Think of the busiest blocks in your city. What’s drawing all those people? Is it a slew of retail? Access to transit? Parklets, benches, trees or some really great bars? Decades of modern urban design have given us a pretty decent idea of what makes streets attractive for people.
And hundreds of studies have measured the built environment and helped shape the standards implemented in many major cities. Now, a new study published in the latest issue of the Journal of Planning Education and Research attempts to further quantify streetscapes to determine which design elements are bringing the crowds and which are just corollary.
For the article, “Streetscape Features Related to Pedestrian Activity,” http://jpe.sagepub.com/content/early/2015/06/29/0739456X15591585.full.pdf+html?ijkey=rfK8Owkpf93PE&keytype=ref&siteid=spjpe
a group of researchers measured 20 streetscapes features — such as plazas, historic buildings, long sightlines, street furniture, windows, building color — and conducted pedestrian counts on 588 blocks in New York City to try and determine what it is about a given street that attracts people. The authors put those features into five broader categories: imageability (how memorable a street is), enclosure (the degree to which buildings enclosing the street make it feel room-like), human scale, transparency (the proportion of first-floor windows), and complexity.
“New York is the most walkable city in the United States and it has a lot of the urban design qualities that we’re talking about,” says researcher Reid Ewing, of University of Utah, explaining their rationale for the study site. “It represents kind of the best case in the U.S. for these urban design qualities and associated pedestrian traffic volumes.”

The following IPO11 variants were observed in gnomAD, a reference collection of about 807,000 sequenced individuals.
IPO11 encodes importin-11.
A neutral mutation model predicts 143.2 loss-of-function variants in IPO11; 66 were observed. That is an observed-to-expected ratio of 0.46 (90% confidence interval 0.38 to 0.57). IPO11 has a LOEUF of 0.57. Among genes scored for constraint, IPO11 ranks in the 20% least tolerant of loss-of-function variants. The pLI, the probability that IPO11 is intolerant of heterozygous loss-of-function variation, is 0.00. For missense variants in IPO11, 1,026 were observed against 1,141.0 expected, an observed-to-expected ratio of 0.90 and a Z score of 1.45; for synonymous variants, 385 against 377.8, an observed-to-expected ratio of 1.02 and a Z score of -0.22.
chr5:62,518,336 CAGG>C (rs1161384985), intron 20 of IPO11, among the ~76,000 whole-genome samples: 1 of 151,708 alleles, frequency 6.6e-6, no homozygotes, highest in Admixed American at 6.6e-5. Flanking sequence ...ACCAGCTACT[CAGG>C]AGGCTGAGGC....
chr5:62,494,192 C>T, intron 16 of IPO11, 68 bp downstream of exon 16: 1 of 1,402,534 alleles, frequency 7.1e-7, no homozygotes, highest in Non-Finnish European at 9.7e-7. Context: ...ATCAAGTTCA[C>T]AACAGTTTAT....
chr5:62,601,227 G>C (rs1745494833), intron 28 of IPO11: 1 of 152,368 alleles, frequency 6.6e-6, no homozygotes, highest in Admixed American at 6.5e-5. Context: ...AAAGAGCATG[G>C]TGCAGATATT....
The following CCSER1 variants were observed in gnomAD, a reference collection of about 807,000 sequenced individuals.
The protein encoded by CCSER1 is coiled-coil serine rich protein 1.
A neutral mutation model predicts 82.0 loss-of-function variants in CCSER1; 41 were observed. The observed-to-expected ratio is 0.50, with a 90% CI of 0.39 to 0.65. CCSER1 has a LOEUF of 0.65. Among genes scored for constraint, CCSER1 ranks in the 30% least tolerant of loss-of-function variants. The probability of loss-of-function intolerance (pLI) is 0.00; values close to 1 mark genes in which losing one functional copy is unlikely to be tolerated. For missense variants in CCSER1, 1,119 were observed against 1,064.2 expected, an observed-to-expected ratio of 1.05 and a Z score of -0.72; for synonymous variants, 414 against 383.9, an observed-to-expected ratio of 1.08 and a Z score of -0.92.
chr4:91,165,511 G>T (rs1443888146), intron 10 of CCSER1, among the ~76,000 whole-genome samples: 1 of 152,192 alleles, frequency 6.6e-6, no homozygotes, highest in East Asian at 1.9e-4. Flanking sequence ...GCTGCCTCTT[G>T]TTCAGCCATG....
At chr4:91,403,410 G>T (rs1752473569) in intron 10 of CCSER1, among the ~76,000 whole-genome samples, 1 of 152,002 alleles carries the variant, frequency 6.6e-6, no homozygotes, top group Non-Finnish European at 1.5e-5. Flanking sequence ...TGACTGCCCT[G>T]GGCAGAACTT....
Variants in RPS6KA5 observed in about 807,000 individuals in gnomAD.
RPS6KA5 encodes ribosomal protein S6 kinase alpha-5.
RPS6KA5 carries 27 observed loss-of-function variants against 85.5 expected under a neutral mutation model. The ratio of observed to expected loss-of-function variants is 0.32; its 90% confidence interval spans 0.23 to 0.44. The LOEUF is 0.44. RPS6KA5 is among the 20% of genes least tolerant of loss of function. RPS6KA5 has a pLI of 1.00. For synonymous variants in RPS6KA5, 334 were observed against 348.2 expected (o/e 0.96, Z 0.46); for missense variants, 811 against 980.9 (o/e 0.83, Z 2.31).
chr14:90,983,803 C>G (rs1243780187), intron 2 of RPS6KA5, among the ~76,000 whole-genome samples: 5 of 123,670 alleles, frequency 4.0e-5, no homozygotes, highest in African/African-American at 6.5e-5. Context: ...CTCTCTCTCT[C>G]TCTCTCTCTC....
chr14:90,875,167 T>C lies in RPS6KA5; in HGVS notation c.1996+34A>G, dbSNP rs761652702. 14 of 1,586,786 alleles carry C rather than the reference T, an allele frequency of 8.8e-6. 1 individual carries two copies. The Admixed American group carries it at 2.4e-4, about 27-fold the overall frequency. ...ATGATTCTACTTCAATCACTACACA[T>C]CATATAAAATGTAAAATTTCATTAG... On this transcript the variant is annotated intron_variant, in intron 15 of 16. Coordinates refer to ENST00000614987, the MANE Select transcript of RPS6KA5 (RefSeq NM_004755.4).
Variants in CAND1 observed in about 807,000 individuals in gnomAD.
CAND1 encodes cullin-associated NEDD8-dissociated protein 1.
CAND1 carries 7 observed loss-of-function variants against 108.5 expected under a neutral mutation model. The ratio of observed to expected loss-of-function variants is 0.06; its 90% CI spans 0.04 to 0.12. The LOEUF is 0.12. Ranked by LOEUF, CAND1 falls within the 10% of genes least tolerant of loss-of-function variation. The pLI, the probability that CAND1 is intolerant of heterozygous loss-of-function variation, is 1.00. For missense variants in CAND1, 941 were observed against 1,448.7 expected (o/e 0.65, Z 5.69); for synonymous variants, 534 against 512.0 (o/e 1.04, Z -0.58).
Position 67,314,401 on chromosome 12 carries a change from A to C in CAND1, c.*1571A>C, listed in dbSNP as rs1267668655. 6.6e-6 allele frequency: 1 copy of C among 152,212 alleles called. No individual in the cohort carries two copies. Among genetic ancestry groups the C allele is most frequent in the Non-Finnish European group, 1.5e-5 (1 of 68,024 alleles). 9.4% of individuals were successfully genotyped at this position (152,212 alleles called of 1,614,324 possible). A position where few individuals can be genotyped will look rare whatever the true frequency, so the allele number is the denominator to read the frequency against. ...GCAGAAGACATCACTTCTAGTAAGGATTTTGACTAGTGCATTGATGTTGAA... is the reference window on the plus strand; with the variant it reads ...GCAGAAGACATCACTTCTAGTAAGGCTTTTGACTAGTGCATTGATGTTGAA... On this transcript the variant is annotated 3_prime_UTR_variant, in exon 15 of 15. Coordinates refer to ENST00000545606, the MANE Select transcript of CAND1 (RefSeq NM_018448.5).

They controlled for the standard “D” variables of urban design: density, diversity (number of different land uses in a given area), destination accessibility and demographics.
In the end, Ewing and his colleagues found that only three of the 20 streetscape features had a positive impact on pedestrian activity. They are: the proportion of windows on the street, the amount of “active street frontage” and the quantity of street furniture. As is often the case with social science, the results help quantify some common-sense notions about urban design — in this instance, that people want interesting-looking streets at a human scale with places to go.
Windows are important for creating a welcoming interaction between people and buildings. Blank walls and reflective glass are boring and uninviting. Active street frontage — shops, restaurants, parks and similar — are critical for generating foot traffic. Ewing puts them in the category of imageability (how memorable the street is) and says memorable streets draw people. Street furniture such as benches, signs, lampposts and trash cans help keep the street at human scale.
Ewing says he was a little surprised that there weren’t more features that impacted pedestrian volumes.
“I would’ve expected more of the variables to be significant,” he explains. “They all sound pretty reasonable when you think of them: having courtyards, plazas, parks along a street. But the three variables that I proved to be significant are the only ones that are significant.”
Ewing points out that it’s important to remember that “significant” means statistically significant in a study such as this. “We’re not saying [other design elements] are not practically important. They’re just not statistically significant in our study.”
Ultimately, Ewing hopes his research will help codify good, people-friendly urban design.
“I’d like these findings to be incorporated into urban codes and zoning requirements and development agreements and so on,” Ewing says. “That’s the way you can have the biggest impact on development.”
To get there, other researchers will need to pick up the torch.
“I’m hoping people will do the work in other places and establish the validity of our findings,” Ewing says. “I want to see other people test our theory that these qualities are indeed important for street life.”